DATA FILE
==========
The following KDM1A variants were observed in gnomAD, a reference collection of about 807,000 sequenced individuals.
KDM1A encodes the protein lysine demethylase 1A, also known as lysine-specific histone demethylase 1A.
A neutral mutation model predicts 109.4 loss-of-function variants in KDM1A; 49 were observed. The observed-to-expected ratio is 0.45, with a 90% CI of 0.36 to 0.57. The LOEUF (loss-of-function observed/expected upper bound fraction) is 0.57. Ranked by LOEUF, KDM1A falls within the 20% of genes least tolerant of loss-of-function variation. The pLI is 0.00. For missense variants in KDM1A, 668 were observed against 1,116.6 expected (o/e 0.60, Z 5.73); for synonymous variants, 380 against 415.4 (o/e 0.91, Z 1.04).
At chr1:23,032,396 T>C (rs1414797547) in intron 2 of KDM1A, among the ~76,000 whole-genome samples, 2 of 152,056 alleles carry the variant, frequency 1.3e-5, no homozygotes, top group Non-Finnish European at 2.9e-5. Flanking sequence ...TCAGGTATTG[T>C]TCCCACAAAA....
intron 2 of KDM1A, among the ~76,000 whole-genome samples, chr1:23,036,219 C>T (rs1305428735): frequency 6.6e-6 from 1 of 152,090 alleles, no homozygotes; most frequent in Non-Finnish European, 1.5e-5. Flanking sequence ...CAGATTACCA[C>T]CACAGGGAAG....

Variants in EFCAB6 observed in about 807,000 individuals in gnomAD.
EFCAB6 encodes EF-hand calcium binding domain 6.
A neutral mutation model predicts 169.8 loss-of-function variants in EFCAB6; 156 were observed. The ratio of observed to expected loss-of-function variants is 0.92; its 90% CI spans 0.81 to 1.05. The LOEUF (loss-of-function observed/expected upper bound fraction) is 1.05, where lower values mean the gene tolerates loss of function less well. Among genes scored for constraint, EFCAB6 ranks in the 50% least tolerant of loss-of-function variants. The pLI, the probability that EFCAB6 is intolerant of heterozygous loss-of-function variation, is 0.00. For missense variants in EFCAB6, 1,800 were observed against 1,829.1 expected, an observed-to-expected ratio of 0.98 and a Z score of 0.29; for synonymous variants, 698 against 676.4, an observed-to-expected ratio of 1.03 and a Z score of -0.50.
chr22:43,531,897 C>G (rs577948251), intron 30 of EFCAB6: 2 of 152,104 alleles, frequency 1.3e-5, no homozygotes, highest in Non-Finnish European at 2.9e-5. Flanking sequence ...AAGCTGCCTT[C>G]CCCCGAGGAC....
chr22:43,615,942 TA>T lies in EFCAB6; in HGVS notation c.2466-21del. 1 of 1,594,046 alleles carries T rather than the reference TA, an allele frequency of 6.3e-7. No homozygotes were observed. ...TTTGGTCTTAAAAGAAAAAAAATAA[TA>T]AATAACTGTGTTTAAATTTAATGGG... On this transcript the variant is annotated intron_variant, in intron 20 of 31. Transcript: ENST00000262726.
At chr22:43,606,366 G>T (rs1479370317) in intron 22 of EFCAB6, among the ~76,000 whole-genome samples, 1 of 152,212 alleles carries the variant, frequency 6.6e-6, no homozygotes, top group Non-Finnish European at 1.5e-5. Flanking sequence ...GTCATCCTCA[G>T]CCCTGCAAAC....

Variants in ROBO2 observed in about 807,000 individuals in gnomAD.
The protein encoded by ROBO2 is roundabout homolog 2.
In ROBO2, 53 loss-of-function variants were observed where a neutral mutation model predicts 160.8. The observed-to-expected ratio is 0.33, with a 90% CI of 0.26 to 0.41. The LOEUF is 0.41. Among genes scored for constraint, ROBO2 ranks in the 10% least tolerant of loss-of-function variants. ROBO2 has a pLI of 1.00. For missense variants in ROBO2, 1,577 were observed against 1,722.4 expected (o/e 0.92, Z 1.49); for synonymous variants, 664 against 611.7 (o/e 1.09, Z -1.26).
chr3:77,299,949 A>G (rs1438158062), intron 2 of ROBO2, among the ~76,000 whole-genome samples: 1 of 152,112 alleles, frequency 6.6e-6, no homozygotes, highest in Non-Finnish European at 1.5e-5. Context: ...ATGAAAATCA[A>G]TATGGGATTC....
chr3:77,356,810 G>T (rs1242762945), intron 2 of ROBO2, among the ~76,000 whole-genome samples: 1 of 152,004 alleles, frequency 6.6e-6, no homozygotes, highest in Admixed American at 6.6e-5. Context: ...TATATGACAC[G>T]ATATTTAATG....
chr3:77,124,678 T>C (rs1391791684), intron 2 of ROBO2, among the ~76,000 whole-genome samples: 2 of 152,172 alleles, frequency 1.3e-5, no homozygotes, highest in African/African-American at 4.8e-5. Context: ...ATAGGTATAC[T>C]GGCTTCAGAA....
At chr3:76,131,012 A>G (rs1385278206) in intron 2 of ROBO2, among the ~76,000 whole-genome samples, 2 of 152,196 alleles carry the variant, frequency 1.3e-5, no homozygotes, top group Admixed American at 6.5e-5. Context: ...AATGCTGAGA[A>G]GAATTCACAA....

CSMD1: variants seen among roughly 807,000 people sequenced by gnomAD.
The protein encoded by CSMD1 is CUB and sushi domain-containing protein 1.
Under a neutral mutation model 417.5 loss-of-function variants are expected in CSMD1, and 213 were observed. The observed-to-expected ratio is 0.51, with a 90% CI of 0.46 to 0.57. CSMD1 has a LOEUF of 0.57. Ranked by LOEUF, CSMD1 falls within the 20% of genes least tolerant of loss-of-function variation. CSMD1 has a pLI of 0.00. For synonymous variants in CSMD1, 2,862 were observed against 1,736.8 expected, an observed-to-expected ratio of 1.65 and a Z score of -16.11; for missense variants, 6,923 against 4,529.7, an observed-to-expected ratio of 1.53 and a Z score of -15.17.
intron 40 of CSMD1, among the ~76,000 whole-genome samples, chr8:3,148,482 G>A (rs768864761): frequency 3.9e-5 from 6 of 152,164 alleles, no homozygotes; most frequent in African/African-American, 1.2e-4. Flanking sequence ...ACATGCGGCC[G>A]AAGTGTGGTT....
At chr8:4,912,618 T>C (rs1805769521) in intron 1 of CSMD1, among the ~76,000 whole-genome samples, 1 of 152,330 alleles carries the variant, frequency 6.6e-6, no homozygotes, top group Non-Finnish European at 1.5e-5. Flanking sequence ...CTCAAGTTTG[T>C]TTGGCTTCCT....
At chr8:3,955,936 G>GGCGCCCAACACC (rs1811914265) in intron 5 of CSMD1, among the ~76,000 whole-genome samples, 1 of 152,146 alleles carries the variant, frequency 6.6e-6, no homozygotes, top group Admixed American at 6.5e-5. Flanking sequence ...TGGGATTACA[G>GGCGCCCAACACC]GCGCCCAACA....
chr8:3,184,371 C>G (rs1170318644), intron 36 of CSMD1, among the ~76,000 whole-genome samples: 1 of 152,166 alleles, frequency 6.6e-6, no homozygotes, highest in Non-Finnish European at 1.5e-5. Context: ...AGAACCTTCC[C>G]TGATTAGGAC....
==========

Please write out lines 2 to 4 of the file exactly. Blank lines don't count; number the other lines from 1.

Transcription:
KDM1A encodes the protein lysine demethylase 1A, also known as lysine-specific histone demethylase 1A.
A neutral mutation model predicts 109.4 loss-of-function variants in KDM1A; 49 were observed. The observed-to-expected ratio is 0.45, with a 90% CI of 0.36 to 0.57. The LOEUF (loss-of-function observed/expected upper bound fraction) is 0.57. Ranked by LOEUF, KDM1A falls within the 20% of genes least tolerant of loss-of-function variation. The pLI is 0.00. For missense variants in KDM1A, 668 were observed against 1,116.6 expected (o/e 0.60, Z 5.73); for synonymous variants, 380 against 415.4 (o/e 0.91, Z 1.04).
At chr1:23,032,396 T>C (rs1414797547) in intron 2 of KDM1A, among the ~76,000 whole-genome samples, 2 of 152,056 alleles carry the variant, frequency 1.3e-5, no homozygotes, top group Non-Finnish European at 2.9e-5. Flanking sequence ...TCAGGTATTG[T>C]TCCCACAAAA....